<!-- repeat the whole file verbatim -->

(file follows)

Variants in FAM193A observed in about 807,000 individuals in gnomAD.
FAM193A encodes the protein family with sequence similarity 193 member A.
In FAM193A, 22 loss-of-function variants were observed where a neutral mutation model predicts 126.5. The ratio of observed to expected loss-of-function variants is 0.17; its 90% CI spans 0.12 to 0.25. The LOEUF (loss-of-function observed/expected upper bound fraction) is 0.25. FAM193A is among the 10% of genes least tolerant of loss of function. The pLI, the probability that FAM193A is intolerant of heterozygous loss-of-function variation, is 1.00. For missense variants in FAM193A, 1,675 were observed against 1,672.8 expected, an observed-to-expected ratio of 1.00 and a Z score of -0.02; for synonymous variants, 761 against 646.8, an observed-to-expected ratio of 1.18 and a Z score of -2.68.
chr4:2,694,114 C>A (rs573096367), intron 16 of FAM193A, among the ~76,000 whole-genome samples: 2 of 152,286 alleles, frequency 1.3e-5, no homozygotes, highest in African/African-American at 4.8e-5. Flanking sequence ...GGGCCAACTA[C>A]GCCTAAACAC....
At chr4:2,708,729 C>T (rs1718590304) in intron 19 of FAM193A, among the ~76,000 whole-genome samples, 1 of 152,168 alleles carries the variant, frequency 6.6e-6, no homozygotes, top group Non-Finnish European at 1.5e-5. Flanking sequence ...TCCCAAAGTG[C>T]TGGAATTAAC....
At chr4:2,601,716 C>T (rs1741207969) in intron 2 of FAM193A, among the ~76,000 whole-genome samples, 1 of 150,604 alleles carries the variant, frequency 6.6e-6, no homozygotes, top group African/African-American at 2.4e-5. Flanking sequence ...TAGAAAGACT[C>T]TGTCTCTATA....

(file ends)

Variants in FAM193A observed in about 807,000 individuals in gnomAD.
FAM193A encodes the protein family with sequence similarity 193 member A.
In FAM193A, 22 loss-of-function variants were observed where a neutral mutation model predicts 126.5. The ratio of observed to expected loss-of-function variants is 0.17; its 90% CI spans 0.12 to 0.25. The LOEUF (loss-of-function observed/expected upper bound fraction) is 0.25. FAM193A is among the 10% of genes least tolerant of loss of function. The pLI, the probability that FAM193A is intolerant of heterozygous loss-of-function variation, is 1.00. For missense variants in FAM193A, 1,675 were observed against 1,672.8 expected, an observed-to-expected ratio of 1.00 and a Z score of -0.02; for synonymous variants, 761 against 646.8, an observed-to-expected ratio of 1.18 and a Z score of -2.68.
chr4:2,694,114 C>A (rs573096367), intron 16 of FAM193A, among the ~76,000 whole-genome samples: 2 of 152,286 alleles, frequency 1.3e-5, no homozygotes, highest in African/African-American at 4.8e-5. Flanking sequence ...GGGCCAACTA[C>A]GCCTAAACAC....
At chr4:2,708,729 C>T (rs1718590304) in intron 19 of FAM193A, among the ~76,000 whole-genome samples, 1 of 152,168 alleles carries the variant, frequency 6.6e-6, no homozygotes, top group Non-Finnish European at 1.5e-5. Flanking sequence ...TCCCAAAGTG[C>T]TGGAATTAAC....
At chr4:2,601,716 C>T (rs1741207969) in intron 2 of FAM193A, among the ~76,000 whole-genome samples, 1 of 150,604 alleles carries the variant, frequency 6.6e-6, no homozygotes, top group African/African-American at 2.4e-5. Flanking sequence ...TAGAAAGACT[C>T]TGTCTCTATA....